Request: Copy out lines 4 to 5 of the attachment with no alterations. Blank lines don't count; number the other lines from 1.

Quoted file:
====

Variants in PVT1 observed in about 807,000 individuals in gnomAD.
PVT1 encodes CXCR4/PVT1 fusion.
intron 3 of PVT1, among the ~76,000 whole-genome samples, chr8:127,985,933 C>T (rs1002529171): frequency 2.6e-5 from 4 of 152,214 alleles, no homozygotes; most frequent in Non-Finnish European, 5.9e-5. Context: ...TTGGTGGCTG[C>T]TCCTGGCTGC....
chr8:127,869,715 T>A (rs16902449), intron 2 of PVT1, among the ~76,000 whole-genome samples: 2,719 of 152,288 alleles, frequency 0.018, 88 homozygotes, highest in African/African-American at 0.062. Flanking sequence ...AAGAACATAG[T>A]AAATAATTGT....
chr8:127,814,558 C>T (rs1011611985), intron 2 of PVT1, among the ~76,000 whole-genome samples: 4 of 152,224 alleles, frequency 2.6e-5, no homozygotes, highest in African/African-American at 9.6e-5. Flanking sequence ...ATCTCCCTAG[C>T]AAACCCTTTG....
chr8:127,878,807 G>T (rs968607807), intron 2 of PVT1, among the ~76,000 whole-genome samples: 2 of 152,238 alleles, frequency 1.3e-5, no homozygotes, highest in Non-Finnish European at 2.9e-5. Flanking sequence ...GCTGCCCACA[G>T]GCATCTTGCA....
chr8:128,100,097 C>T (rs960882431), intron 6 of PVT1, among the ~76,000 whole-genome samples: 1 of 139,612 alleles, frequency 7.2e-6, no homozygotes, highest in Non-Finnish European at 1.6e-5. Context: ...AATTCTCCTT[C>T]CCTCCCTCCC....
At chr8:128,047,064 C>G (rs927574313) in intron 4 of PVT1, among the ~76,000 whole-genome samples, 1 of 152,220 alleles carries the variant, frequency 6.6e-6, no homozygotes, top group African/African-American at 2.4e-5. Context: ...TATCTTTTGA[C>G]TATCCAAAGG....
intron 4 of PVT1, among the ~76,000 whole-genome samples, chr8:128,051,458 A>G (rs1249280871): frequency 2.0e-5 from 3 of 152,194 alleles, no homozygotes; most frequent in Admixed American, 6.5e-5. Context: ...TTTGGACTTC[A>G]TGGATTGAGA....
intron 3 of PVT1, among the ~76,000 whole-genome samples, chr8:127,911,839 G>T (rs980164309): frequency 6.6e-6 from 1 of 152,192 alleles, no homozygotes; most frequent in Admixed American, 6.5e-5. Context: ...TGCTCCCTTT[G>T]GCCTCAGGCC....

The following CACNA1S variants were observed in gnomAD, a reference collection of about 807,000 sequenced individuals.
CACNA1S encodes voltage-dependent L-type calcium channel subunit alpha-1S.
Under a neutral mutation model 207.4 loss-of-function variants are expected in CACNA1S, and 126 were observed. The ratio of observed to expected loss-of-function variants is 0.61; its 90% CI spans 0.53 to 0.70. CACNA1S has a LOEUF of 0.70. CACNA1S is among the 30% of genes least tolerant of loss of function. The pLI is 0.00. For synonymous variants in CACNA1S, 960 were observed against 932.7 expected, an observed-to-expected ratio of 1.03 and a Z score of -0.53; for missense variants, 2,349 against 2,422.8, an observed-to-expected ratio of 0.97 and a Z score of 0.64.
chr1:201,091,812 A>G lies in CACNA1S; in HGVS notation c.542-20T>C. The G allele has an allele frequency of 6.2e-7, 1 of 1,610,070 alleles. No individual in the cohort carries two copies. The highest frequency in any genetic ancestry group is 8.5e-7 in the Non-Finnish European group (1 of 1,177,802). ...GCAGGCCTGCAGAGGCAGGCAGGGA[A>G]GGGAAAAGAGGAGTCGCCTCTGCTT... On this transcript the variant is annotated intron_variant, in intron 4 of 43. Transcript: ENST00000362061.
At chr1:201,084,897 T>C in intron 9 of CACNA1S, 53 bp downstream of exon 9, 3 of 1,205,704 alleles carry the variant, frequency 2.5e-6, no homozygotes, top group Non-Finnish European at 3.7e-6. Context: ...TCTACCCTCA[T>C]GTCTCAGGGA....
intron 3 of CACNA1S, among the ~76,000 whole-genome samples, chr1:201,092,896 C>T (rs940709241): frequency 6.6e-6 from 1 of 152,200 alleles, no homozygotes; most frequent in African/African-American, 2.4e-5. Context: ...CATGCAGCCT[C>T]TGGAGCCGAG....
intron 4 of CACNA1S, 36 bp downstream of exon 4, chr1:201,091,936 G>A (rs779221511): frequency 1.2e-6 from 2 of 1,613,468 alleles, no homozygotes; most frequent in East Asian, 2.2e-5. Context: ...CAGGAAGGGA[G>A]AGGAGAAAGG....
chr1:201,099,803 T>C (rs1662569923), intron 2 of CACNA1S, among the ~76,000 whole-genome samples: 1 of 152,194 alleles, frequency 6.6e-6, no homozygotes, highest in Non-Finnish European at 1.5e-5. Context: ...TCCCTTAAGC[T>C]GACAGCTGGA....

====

chr8:127,869,715 T>A (rs16902449), intron 2 of PVT1, among the ~76,000 whole-genome samples: 2,719 of 152,288 alleles, frequency 0.018, 88 homozygotes, highest in African/African-American at 0.062. Flanking sequence ...AAGAACATAG[T>A]AAATAATTGT....
chr8:127,814,558 C>T (rs1011611985), intron 2 of PVT1, among the ~76,000 whole-genome samples: 4 of 152,224 alleles, frequency 2.6e-5, no homozygotes, highest in African/African-American at 9.6e-5. Flanking sequence ...ATCTCCCTAG[C>T]AAACCCTTTG....